In her vital role at the secretive Bletchley Park, a young intelligence analyst feels the weight of the world on her shoulders as she's forced to confront the cost of war and the barriers set before her. Based on a true story.
Atlas is a nine-minute short film that explores themes of gender and service during an incredibly formative moment in our history – the Second World War. It is based on the powerful true story of Caroline Chojecki MBE, a naval intelligence analyst based at Bletchley Park during the War.
Atlas tells the story of C, a twenty-four year old U-Boat specialist who has proved her worth in the complicated web of Naval Intelligence but still faces antagonism from her male colleagues. From Bletchley Park to Churchill’s War Rooms and Whitehall, the characters we will meet and the journey we will take are full of intrigue and depth. Atlas is truly like no war story told before, while C represents a new kind of war hero: an incredibly capable yet unappreciated woman determined to serve her country.
Atlas is written and directed by Freddie Green (Caroline Chojecki's grandson) and produced by Sophie Charrington.
As a young and predominantly female creative team with relatives who served in the war, we see ourselves as a new generation of filmmakers approaching the subject through an updated lens. We see the lack of female-led war stories onscreen as peculiar, yet an intriguing opportunity.
Our story speaks directly to our current moment in its themes and approach. It celebrates heroism but sharply defines the cost of war rather than glorifying it. It illustrates a desire to afford ‘ordinary’ people the same reverence as figures such as James Bond or Wonder Woman while exploring the brutality of war, burden of service, and the era's treatment of women.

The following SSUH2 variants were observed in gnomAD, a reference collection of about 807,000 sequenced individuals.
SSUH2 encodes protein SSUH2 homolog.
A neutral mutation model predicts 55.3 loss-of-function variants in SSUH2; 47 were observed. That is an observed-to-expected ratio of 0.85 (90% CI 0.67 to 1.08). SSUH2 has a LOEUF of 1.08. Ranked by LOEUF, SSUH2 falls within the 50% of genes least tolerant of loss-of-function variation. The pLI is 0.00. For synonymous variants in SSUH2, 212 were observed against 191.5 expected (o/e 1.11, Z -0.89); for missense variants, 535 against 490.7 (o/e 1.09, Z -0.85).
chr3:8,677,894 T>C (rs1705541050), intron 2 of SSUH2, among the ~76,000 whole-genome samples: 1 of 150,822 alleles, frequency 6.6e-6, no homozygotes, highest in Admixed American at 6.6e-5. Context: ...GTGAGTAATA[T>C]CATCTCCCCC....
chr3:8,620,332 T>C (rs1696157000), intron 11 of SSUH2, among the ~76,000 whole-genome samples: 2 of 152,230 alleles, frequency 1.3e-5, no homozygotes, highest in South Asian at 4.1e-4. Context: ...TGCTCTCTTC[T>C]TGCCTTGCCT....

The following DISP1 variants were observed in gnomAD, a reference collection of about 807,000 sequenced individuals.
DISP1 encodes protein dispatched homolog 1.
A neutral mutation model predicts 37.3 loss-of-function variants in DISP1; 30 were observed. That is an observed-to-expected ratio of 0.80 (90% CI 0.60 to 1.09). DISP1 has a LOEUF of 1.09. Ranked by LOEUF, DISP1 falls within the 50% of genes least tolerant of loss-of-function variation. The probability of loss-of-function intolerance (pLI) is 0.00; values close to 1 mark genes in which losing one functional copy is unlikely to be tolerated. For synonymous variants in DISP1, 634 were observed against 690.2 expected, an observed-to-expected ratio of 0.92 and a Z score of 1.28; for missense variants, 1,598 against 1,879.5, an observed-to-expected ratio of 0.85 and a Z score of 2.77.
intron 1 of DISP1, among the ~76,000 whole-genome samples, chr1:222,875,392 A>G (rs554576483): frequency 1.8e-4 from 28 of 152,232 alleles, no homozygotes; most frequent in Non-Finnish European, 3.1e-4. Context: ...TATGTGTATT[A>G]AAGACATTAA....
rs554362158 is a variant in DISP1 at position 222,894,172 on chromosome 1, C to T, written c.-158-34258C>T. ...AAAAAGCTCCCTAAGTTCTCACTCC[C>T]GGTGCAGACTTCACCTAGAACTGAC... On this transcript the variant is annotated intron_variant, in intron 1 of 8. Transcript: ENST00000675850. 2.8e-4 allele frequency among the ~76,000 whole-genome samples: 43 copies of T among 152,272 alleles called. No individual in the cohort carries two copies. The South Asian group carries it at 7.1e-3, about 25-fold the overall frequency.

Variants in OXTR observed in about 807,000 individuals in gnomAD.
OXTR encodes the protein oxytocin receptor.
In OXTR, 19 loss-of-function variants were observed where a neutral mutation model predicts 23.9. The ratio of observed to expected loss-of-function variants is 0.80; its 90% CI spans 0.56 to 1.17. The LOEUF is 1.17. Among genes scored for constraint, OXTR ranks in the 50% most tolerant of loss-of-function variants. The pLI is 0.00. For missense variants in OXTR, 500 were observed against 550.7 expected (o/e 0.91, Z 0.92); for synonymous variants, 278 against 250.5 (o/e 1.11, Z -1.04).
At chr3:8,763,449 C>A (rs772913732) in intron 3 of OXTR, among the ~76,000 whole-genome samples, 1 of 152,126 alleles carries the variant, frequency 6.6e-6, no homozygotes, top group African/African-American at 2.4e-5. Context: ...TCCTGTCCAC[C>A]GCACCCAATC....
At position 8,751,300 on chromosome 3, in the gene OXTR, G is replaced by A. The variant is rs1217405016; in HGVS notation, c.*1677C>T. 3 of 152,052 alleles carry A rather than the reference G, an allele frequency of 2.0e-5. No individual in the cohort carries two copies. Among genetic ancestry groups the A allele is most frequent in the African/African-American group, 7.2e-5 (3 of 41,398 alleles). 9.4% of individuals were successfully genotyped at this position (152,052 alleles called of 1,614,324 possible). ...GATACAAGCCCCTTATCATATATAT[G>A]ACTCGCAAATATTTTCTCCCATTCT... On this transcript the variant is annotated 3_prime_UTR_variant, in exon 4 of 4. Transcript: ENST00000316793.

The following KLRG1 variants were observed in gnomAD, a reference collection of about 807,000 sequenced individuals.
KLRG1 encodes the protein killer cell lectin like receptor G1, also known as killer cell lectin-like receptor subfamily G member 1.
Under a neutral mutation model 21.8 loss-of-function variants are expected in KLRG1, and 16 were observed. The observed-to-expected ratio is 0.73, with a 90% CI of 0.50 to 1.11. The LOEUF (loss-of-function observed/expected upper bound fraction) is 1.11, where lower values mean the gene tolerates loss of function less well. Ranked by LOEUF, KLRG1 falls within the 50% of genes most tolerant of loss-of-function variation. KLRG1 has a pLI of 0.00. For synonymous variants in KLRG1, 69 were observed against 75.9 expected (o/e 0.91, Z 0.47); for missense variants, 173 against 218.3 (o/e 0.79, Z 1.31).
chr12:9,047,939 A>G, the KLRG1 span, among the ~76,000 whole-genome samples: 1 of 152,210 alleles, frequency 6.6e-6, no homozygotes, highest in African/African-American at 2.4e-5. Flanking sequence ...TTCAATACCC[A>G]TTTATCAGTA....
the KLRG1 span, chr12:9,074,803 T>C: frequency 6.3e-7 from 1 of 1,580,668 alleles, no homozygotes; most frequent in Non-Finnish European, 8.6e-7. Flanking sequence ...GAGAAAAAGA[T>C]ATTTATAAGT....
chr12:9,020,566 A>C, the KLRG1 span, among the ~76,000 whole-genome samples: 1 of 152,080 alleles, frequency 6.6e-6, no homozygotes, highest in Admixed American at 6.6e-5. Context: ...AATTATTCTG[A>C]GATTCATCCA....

Our story has the propensity to reach great heights. We intend for Atlas to not only serve as a exciting film in its own right, but to provide an intriguing taster for an even more ambitious project.
With Atlas, I want to celebrate my grandmother Caroline Chojecki’s amazing contribution to allied intelligence during the Second World War. After nearly four years of development, it’s time to put what’s in my head into the frame, stimulate engagement about the film's themes, and provide a taster for an exciting future project.
I hope to use the project to establish the many fantastic collaborators passionately onboard. We are a predominantly female creative team and many of our cast and crew have faced challenges on entering the industry.
Many of our team, including myself, graduated from the prestigious Drama Centre London in 2020, where the damaging effect of COVID and the closure of the school greatly impacted our emergence into the professional industry, meaning we missed out on many opportunities to display our talent to agents and producers, doubtless diminishing our career prospects. This project is a chance to uplift those who I know are capable of great work – something my grandmother would be proud of.
Caroline Chojecki (née Rowett) MBE, was recruited from Cambridge at age 22 into the Naval Section of the Government Code & Cypher School at Bletchley Park, focusing on the analysis of German U-Boats. At Bletchley, she created a card-indexing system invaluable as a comprehensive and usable database in the decryption of German signals. She developed similar systems for the Admiralty in London and, in the postwar, US Intelligence. Chojecki later became a key member of the Soviet Studies Research Centre until her retirement in 1992 at the age of 72. She passed away in 2017 at the age of 97. You can read more about Chojecki in the obituaries published by the The Telegraph and The Times as well as view her record on the Bletchley Park website.